Sunday, July 24, 2022

Reddish-Brown Stag Beetle


On a recent trip to Alabama while walking through the woods at a historical site my husband spotted this large beetle on the ground. I stopped to pick it up and place it on a nearby wall for a few pictures. I knew immediately what it was having encountered them at home many times. The reddish-brown stag beetle (Lucanus capreolus) is one of the largest beetles in Missouri reaching lengths up to 1 ½ inches. They are indeed reddish-brown in color, with yellow-orange hairs visible around the thorax and along the abdomen. The males possess long mandibles (jaws). Their species name of capreolus comes from the Latin word for roe deer, because individuals who give names to the flora and fauna of the natural World thought those menacing looking jaws resembled roe deer antlers. Even though those jaws look fearsome, they are actually harmless. They are incapable of biting, but rather give a pinch which earned them another common name of pinching beetle. The females on the other hand have shorter mandibles, with more strength and may bite if mishandled.  

The jaws on the male are not meant for capturing prey or for eating, instead they are weapons in the mating game. Females release a pheromone into the air that males from great distances can smell. This will attract numerous amorous males to her all determined to win her attention. When rival males encounter one another, they use those large mandibles to topple over the competition in a form of a beetle WWE smack down. They will lock mandibles and shove each other while twisting and turning attempting to flip their opponent. The winner earns the favor of the female. Soon after mating the female will deposit eggs in the trunks of dying or dead trees. The larvae will feed on the remaining heart wood of the decaying tree. It may take up to 3 years for the larvae to reach the adult stage, when it will only live the for the rest of the season. The only exception would be if it is able to find a warm area like a compost pile, it may survive until the following year. Because of their preference for trees already in a state of decay they possess no threat to living trees. Adults feed on sap flows, in captivity they will readily eat diluted maple syrup or sugar water. Some will feed on the juices released by overripe fruit like fallen apples, or peaches. They do not possess any real ability to chew, instead they consume their food through the hairs near their mouth that capture the juices of their liquidy dinner.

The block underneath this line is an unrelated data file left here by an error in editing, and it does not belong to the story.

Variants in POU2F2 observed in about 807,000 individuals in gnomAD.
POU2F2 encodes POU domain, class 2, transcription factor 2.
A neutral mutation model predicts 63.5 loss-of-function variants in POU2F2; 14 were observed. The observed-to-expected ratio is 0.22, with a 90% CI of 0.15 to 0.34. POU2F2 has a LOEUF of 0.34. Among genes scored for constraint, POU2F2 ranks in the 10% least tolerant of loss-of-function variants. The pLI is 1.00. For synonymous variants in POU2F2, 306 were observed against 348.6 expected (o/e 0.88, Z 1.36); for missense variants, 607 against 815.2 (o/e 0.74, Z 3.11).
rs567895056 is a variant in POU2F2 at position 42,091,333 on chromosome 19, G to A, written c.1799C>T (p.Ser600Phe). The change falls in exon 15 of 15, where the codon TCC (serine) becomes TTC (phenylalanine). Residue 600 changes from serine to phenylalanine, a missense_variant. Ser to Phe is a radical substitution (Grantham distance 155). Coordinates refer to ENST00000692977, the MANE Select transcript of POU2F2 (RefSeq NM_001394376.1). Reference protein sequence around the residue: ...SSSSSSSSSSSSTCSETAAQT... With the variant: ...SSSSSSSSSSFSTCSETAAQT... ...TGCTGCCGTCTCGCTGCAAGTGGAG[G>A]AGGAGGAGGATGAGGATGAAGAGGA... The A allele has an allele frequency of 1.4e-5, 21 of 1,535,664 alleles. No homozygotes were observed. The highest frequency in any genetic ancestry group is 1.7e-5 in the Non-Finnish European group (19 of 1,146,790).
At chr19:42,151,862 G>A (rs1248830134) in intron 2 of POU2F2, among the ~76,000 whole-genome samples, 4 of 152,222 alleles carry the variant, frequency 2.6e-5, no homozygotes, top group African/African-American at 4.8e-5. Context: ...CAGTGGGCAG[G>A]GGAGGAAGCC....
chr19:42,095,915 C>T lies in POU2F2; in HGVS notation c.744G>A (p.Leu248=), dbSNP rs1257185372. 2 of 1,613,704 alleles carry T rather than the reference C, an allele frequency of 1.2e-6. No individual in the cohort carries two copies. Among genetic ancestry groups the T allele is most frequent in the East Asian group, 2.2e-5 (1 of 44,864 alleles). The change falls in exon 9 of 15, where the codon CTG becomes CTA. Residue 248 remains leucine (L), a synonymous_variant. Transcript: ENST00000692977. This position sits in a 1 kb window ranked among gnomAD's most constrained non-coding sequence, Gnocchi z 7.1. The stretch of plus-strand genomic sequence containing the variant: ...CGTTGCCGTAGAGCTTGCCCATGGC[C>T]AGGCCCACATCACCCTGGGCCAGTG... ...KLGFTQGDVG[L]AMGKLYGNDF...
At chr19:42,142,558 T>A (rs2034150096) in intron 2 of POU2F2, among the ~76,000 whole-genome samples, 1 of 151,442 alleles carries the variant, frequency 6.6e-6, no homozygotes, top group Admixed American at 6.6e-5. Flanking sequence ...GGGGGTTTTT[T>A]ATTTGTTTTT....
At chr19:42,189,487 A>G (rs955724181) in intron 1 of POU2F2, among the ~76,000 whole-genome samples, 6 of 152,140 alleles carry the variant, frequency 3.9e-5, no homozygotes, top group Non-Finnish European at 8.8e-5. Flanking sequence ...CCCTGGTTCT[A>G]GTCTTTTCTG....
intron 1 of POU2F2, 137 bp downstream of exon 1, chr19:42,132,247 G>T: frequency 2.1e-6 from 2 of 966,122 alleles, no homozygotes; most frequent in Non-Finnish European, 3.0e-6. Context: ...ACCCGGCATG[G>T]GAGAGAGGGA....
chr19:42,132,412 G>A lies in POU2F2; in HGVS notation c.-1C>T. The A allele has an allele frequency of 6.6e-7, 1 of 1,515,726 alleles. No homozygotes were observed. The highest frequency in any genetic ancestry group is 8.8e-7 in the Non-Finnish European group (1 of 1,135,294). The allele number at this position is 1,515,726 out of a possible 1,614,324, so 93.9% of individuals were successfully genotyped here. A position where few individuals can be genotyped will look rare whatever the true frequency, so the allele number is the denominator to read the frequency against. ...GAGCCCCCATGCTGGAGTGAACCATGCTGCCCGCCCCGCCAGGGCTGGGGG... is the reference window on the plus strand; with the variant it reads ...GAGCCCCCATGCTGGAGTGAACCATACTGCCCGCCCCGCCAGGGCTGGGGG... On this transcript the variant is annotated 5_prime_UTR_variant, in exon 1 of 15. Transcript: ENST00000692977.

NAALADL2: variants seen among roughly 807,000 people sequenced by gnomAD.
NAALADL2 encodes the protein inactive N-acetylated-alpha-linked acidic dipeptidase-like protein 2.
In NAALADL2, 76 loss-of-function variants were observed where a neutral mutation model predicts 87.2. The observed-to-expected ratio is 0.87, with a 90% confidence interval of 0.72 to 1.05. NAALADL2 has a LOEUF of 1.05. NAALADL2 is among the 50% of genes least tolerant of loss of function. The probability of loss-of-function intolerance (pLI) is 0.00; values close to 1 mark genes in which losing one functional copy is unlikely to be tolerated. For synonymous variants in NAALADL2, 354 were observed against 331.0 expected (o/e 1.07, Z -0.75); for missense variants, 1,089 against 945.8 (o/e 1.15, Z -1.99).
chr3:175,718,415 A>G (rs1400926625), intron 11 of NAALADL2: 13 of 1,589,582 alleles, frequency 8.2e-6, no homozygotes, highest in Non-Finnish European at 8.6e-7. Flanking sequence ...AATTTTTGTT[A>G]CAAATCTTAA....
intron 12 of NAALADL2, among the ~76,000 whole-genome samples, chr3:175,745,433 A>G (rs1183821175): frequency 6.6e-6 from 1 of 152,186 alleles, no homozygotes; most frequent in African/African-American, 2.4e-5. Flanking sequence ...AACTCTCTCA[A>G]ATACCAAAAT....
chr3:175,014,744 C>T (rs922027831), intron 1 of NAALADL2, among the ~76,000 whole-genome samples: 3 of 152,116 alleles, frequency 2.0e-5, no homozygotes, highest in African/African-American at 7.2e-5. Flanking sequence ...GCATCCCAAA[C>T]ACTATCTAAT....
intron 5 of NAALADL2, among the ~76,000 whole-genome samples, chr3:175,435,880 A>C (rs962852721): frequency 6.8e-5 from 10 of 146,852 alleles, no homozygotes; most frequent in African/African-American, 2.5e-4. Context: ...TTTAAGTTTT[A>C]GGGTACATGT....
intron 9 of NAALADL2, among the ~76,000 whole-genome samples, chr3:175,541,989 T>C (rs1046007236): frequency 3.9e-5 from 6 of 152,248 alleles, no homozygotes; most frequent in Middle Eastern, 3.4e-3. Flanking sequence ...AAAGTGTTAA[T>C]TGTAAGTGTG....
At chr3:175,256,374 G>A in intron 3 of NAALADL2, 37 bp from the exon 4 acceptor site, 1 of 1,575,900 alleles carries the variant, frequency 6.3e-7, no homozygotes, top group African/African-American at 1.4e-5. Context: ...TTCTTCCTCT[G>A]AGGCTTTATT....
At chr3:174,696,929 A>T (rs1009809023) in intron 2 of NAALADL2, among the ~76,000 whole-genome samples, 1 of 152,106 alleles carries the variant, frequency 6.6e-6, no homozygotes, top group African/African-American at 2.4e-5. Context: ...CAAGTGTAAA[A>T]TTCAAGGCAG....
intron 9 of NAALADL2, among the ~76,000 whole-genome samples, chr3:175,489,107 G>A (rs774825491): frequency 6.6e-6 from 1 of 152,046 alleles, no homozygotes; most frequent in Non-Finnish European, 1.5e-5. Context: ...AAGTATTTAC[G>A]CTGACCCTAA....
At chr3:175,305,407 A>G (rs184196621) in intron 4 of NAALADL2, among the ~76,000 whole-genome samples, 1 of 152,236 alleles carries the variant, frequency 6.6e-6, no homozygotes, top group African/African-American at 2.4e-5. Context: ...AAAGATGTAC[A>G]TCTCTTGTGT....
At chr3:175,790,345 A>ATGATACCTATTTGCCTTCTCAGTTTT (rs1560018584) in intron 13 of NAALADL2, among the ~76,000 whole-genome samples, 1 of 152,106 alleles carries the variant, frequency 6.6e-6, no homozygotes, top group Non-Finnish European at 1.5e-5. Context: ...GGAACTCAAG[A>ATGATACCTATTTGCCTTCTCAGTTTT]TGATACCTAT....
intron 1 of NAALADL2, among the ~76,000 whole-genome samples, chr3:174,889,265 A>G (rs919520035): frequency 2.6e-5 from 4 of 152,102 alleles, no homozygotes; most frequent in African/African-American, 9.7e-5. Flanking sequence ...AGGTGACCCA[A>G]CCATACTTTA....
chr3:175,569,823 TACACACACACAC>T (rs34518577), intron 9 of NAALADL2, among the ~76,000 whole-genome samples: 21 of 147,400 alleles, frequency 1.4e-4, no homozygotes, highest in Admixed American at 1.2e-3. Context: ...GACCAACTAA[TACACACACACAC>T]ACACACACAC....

In the larval stage they are a favorite food of raccoons, and woodpeckers that dig them out of the stumps they are feeding within. These would be the little cream filled ones Timone and Pumba favored in Lion King.  Skunks, foxes, birds, bats and frogs all eat the adults. There is a lot of protein in a beetle this large, in fact there is more protein in a large beetle than in a piece of steak the same size! Humans often pose a threat to the survival of stag beetles throughout the World. In many areas of Europe, they are protected from illegal collecting for the pet trade. Believe it or not large beetles are a black-market commodity for unethical insect collectors. This poses a serious threat to existing populations and diversity of beetles all over the World.

In addition to cracking down on the illegal collections of beetles, throughout Europe, woodland areas that are known to have populations of stag beetles need special permitting to proceed with whatever plans they have for cutting and removing trees. This ensures that beetles will survive by being moved to appropriate locations nearby. These beetles tend to bask in the sun and look for warm pavement to sit and soak up the sun’s rays. These forays into the sunshine often result in cars running them over or people trampling them. In some cases, humans deliberately kill them because of those large mandibles and ferocious appearance it gives them, not realizing this beetle is harmless and even beneficial. The constant feeding of the larvae breaks down the decaying trees returning nutrients to the soil. 


Stag beetles have a long and interesting history rooted in folklore. The Germans called them Donnerschroter, which translates to Thunder beetle, because of the belief that these beetles summoned lightning. Other areas of Germany believed these beetles carried burning coals into homes starting fires. Still other cultures call them Devil beetles because of their horn-like mandibles. Other parts of the World refer to them as billywitches, oak-ox, and horse pincher. We can only imagine how those names took root. By whatever name they are referred to stag beetles evoke many emotions, fear, awe and even respect. Cultures all across the world feature myths and folklore about them. Many land managers are beginning to understand the role these beetles play in the ecosystems where they occur and manage their land accordingly, by leaving stumps, and decaying trees. Next time you are considering tidying up your woodland or yard, consider leaving trees in an advanced stage of decay, including logs and stumps. The beetles, and other invertebrates who depend on them, will be grateful.

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